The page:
The ideal customer decision criteria and how to employ it

When you identify your ideal customer, it’s a beautiful thing. The effort you need to put into selling decreases, because you’re selling to customers who are most likely to buy your products and services. It’s Pareto’s Law in action – 20% of your time and effort produces 80% of your results.

If only all your sales time was spent marketing and selling to ideal customers, this 80/20 principle says your revenue potential should increase by a multiple of four times.

Chomping at the bit to learn what criteria to apply to uncover your ideal customer? It’s something I spoke about with Dr Jürgen Strauss in my podcast episode ‘How to nail your ideal client’. Here are a few tips from that podcast and a few extra for good measure.

1.      Start with what you know

It’s time to dive into your business and analyze your current and previous clients. Those you are working with currently, and those who you have worked with before – especially those you worked with for any extended period. Look for the commonalities between them, such as:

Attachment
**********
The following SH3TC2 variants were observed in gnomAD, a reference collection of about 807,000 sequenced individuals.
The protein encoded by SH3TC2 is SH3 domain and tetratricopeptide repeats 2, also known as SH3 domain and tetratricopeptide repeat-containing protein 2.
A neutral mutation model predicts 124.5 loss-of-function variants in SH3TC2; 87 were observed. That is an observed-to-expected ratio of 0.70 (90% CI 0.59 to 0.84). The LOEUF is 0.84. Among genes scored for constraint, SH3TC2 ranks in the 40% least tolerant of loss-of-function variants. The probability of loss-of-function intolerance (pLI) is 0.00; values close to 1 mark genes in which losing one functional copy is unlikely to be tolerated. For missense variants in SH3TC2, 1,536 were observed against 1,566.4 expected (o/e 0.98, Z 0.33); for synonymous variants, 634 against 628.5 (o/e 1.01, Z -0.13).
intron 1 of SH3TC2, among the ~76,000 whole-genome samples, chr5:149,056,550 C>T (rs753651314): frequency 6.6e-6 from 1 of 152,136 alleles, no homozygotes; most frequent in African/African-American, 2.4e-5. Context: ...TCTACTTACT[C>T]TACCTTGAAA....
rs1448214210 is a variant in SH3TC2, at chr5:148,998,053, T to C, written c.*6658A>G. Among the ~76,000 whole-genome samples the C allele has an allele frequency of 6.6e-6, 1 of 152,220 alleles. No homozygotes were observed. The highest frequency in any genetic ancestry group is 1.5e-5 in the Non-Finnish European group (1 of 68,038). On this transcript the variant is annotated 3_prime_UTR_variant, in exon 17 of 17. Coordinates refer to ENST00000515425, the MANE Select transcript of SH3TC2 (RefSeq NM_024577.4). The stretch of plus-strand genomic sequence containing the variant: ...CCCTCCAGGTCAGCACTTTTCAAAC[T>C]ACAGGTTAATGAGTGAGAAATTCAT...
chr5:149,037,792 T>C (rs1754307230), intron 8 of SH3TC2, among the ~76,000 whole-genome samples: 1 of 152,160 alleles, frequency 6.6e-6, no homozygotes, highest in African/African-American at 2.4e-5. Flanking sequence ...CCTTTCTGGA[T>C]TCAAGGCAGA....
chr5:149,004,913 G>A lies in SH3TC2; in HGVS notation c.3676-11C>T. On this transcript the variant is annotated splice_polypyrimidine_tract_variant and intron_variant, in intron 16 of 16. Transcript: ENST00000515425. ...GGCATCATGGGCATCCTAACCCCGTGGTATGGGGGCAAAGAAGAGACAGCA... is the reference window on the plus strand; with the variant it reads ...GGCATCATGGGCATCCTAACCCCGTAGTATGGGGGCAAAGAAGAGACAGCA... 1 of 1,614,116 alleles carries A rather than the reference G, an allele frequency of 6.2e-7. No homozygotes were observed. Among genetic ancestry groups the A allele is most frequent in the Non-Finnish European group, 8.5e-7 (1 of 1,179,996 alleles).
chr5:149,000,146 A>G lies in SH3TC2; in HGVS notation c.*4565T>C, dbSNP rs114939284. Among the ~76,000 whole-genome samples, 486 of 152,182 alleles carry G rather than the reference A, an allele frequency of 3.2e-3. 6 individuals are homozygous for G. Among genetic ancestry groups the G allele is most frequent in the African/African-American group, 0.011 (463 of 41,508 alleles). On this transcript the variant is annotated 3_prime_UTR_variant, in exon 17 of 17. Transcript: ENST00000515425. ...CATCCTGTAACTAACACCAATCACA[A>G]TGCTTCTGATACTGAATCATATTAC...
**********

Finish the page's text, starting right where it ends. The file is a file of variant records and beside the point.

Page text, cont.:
• Who do they serve?
  • How old are they?
  • What is their gender?
  • What is their field of specialization?
  • Do they own a business, and, if so, what size is it?
  • What is their personality/culture?
  • What do they do best/what is their specific talent?
  • What challenges do they face?
  • Are they big-picture-oriented or detail-oriented?

You’re looking at your most productive clients here, and starting to build a picture of why they are most productive.

2.      Don’t ignore the clients who moved on

I’ve been asked before why it’s necessary to profile the clients who moved on. It’s simple, really. You want to learn what factors they have in common with the client picture you have built up through the process outlined above. Then you want to understand why they moved on.

Usually, it will be that they changed focus, or they moved into a new sector, or started offering different products to their clients. They may simply have run short of funds.

Whatever the reason, this is important information. It helps you build a picture of negative customer criteria, as well as positive.